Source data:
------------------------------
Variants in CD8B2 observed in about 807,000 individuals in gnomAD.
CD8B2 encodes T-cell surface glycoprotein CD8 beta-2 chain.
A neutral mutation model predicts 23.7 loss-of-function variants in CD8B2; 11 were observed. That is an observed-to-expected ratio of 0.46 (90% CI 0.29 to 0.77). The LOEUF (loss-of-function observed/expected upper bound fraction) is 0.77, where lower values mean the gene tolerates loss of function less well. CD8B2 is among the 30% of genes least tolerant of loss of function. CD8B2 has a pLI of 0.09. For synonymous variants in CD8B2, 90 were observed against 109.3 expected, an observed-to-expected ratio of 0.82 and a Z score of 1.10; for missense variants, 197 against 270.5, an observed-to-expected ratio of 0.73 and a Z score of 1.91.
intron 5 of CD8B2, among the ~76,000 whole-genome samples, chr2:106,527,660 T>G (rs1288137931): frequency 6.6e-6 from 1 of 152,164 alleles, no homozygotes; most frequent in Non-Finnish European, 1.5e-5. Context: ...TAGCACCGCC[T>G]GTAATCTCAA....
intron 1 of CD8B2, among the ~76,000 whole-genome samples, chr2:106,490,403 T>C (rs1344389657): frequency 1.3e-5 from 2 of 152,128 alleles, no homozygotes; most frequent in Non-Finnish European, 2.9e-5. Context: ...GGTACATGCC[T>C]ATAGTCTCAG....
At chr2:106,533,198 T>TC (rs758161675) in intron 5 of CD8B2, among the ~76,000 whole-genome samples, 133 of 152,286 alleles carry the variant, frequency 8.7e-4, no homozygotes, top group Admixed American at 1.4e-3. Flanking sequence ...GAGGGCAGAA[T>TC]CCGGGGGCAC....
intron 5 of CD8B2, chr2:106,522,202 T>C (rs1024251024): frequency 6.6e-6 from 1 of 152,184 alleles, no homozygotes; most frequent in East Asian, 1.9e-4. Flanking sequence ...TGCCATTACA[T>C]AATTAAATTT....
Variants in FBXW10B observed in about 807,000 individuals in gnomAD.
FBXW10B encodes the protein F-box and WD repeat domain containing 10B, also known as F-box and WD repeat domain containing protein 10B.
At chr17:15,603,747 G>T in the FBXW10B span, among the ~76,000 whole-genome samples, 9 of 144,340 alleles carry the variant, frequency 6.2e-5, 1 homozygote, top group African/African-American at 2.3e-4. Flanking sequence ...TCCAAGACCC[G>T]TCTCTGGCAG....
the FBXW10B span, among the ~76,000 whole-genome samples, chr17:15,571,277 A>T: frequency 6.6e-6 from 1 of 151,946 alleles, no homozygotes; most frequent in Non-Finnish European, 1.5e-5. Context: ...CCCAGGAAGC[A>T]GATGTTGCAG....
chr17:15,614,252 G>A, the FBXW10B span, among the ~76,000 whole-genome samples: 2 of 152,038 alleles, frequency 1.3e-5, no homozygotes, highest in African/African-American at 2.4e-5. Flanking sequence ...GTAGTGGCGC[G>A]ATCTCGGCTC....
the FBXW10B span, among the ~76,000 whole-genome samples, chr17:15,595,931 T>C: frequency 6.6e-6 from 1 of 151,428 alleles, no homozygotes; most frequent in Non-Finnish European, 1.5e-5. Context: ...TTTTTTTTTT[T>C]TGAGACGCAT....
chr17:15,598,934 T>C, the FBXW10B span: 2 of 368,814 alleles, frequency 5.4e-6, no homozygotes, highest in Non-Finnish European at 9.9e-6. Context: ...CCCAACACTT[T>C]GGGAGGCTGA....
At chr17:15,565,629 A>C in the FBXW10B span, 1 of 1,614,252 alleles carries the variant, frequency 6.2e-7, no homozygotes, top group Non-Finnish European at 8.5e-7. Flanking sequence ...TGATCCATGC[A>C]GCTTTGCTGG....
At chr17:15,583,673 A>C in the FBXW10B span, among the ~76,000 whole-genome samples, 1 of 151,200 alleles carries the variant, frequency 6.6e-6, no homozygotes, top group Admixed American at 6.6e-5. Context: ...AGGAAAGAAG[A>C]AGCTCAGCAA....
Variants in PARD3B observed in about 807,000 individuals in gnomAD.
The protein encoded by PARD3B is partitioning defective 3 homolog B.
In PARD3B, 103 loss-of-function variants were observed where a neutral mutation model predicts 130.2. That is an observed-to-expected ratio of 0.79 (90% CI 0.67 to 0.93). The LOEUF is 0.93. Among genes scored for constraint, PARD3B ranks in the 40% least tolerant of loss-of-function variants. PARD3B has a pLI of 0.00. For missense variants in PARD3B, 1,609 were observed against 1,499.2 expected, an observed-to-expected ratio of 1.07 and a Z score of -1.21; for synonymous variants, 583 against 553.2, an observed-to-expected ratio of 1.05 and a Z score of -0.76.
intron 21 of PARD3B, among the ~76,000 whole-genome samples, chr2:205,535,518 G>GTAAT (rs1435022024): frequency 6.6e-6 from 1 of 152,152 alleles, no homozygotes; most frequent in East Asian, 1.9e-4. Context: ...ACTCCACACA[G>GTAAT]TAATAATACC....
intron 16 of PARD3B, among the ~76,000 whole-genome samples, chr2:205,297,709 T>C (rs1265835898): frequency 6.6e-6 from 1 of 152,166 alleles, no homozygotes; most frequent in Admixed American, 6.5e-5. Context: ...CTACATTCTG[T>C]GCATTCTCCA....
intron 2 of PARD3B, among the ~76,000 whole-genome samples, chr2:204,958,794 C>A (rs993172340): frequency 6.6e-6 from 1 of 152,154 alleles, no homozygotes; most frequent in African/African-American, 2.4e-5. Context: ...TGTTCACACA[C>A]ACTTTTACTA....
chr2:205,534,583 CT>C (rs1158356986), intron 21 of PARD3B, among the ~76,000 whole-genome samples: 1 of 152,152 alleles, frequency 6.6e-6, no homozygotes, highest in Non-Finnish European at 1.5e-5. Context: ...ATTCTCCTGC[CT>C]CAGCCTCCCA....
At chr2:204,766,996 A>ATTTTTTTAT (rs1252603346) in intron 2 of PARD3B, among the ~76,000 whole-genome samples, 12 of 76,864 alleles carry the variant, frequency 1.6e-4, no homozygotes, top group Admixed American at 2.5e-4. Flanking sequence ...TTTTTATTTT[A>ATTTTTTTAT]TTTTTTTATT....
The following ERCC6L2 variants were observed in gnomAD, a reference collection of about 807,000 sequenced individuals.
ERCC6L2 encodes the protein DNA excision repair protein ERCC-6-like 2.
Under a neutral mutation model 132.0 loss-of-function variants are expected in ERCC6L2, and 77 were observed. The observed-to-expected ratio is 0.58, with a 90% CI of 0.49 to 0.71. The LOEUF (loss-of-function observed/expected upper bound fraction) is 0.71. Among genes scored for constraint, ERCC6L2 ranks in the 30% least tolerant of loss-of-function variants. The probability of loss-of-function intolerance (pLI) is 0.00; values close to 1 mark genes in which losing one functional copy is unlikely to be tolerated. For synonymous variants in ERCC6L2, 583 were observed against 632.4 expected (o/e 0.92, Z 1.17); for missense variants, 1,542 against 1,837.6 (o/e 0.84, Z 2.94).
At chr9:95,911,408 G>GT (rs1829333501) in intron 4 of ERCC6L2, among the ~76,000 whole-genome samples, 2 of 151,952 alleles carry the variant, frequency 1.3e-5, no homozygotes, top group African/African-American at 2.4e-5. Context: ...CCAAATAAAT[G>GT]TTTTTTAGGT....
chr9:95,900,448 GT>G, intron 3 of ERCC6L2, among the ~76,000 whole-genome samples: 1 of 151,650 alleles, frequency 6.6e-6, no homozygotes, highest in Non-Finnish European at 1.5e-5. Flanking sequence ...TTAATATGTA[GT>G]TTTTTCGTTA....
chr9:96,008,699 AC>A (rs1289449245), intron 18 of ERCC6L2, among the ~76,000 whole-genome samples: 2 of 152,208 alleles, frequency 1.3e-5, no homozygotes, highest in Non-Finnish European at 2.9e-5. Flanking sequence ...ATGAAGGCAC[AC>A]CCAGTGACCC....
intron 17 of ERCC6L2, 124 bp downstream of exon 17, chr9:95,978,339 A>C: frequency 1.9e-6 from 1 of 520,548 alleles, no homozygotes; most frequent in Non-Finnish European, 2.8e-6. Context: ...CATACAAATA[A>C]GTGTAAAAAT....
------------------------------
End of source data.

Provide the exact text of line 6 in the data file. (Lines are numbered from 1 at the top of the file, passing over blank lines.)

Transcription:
At chr2:106,533,198 T>TC (rs758161675) in intron 5 of CD8B2, among the ~76,000 whole-genome samples, 133 of 152,286 alleles carry the variant, frequency 8.7e-4, no homozygotes, top group Admixed American at 1.4e-3. Flanking sequence ...GAGGGCAGAA[T>TC]CCGGGGGCAC....